Yes, Billie Joe Armstrong -- the vocalist, guitarist and writer for Green Day -- had a meltdown last year and did a stint in rehab. But he's done talking about it.

When Green Day takes the stage at the Patriot Center, get ready for Armstrong, bassist Mike Dirnt and drummer Tre Cool to dip into their punk-pop catalog but not into the headline-grabbing spectacle that had critics, fans and onlookers buzzing.

"I have not revisited this at all," Armstrong told David Fricke of Rolling Stone, saying that would be the only time he would address the issue. "I'm f--king bigger than this thing, better than this s--t," he said of the meltdown he had last September at the iHeartRadio Music Festival in Las Vegas. "This is an incident. It happened. The rest is history. I have so many important things to do. I have my family to take care of. I have my band. I'm a crazy-idea person. I always will be. And that will overshadow anything with my addiction problems."

If anyone can make that work, it will likely be Armstrong. After all, he and his bandmates were just working-class kids when they made it out of the underground punk scene in Berkeley, Calif. The group's 1994 album, "Dookie," sold 15 million copies and won the band its first Grammy for Best Alternative Music Performance. And that was just the beginning. "American Idiot," the group's No. 1 Billboard album, earned the bandmates seven Grammy nominations (they won two, including Best Rock Album) and spawned five hit singles. And the hits just roll on.

Green Day
» Where: Patriot Center, 4400 University Drive, Fairfax
» When: 7:30 p.m. Thursday
» Info: $65; every online ticket includes a free download of the band's trilogy "ÁUno! ÁDos! ÁTre!"; 202-397-SEAT (7328);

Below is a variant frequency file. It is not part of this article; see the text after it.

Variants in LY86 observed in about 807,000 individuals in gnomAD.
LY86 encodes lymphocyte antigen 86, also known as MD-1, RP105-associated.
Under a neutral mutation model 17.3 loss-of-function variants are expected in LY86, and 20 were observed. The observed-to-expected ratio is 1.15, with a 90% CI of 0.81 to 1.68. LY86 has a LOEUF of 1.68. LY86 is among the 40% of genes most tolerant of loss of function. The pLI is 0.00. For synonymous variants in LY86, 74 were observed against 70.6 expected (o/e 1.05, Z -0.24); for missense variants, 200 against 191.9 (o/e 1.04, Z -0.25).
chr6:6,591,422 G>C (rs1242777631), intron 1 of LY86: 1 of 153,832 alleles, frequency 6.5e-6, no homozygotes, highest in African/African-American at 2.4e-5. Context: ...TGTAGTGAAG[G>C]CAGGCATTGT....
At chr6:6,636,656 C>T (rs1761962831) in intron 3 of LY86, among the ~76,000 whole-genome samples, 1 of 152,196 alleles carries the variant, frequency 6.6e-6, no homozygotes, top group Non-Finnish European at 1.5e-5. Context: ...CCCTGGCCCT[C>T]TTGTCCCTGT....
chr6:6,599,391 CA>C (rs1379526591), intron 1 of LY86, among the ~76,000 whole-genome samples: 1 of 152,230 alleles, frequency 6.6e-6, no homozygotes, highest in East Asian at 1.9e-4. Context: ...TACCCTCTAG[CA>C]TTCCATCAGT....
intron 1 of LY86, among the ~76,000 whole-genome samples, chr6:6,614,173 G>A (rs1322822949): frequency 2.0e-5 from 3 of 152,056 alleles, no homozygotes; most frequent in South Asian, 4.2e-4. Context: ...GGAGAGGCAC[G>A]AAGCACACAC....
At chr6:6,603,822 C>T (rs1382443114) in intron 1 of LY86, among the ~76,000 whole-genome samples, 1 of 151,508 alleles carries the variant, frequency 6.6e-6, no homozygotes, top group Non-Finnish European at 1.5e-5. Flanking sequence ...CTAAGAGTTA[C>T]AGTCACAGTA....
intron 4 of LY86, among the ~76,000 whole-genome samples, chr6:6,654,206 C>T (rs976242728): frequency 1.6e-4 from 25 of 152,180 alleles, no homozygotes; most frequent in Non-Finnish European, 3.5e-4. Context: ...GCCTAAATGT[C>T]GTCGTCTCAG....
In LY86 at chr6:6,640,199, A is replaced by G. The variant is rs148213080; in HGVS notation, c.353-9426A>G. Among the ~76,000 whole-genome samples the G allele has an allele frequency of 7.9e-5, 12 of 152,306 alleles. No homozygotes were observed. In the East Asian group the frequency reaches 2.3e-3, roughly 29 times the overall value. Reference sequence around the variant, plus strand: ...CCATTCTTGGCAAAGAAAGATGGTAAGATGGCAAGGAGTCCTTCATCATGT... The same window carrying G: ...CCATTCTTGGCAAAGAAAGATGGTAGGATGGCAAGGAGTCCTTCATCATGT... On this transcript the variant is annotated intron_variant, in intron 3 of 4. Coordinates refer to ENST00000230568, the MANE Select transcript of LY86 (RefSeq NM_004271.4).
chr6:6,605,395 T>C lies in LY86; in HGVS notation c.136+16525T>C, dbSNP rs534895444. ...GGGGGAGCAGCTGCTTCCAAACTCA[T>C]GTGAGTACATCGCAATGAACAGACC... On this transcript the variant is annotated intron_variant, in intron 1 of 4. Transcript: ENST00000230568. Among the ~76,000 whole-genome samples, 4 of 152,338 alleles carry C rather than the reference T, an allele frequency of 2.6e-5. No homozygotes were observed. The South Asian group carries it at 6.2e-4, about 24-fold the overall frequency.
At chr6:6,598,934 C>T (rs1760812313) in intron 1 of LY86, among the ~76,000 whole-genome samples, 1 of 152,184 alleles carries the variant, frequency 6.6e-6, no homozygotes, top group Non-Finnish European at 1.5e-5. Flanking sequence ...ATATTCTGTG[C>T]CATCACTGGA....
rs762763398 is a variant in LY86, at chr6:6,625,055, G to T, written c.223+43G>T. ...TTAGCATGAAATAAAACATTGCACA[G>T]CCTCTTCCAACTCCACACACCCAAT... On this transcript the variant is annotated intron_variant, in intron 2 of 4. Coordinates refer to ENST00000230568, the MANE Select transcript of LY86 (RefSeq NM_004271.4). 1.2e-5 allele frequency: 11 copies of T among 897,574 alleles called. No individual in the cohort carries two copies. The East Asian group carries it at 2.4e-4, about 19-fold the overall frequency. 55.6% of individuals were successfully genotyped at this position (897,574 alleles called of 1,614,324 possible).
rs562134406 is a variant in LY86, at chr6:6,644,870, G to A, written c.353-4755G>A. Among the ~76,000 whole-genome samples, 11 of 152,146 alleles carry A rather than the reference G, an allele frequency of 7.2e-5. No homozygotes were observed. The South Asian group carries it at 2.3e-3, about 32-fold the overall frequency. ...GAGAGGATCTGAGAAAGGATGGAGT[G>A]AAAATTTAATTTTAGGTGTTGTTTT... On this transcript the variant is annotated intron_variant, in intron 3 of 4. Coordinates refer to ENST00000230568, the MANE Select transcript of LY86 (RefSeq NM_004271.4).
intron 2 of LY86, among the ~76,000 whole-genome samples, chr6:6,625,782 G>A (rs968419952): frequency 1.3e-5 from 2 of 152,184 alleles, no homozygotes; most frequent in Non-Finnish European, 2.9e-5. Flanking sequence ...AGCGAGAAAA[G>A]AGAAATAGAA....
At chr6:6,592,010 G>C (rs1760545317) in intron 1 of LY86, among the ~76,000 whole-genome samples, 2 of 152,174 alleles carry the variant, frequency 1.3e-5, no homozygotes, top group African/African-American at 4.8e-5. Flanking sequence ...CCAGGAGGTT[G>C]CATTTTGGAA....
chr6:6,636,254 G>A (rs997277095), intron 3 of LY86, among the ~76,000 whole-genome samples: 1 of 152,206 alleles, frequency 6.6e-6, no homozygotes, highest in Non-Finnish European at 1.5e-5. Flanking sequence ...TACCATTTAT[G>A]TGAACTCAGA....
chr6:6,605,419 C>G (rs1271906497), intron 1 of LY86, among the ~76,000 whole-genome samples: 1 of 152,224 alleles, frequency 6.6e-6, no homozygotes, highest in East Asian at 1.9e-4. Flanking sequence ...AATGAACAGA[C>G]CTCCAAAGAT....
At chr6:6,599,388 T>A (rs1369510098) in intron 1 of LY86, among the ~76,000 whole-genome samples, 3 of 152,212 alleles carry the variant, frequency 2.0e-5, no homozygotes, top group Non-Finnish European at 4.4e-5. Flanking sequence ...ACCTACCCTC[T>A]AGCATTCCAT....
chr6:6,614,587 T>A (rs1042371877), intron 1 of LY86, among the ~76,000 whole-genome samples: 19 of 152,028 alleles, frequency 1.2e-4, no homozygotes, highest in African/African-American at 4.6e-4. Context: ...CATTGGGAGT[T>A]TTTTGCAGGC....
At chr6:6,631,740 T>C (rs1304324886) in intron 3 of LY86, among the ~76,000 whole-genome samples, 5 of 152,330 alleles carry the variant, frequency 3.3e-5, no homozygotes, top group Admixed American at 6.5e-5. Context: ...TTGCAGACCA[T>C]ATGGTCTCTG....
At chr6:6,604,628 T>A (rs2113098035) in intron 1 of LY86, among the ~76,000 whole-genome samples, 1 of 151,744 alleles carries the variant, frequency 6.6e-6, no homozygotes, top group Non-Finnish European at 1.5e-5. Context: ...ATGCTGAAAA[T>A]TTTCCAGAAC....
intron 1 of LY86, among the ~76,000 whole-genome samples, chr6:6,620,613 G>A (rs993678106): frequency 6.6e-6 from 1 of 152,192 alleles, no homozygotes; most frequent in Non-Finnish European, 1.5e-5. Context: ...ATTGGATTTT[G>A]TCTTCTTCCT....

But to witness the energy with which they play before a massive crowd, you'd think they were still trying to break out.

Calling a show earlier this week a "two-hour rock 'n' roll slugfest," critic Frank DeBlase of the Rochester (N.Y.) City Newspaper wrote that while opening act Best Coast did a decent set, "no amount of energy could have adequately warmed the boards for Green Day. Following salutations from a drunken Easter Bunny, the band tore out on stage to the theme from 'The Good, The Bad, and The Ugly' (just like the Ramones) and then ripped into '99 Revolutions.' After that [the] set cross-cut the band's incredible catalogue with generous cuts from the new trilogy of discs 'ÁUno! ÁDos! ÁTre!,' as well as hits off 'Kerplunk' and 'Dookie.' "

What's unknown, of course, is how the bandmates unwound after the high-energy show. In the Rolling Stone interview, Armstrong said he, Dirnt and Cool would plan how to maintain his sobriety while on the road.

"I'll probably run outside, hail a taxi, go back to my hotel room and have a soda," Armstrong told Fricke of how he'd handle the urge to have a drink. "Probably a root beer. I love root beer."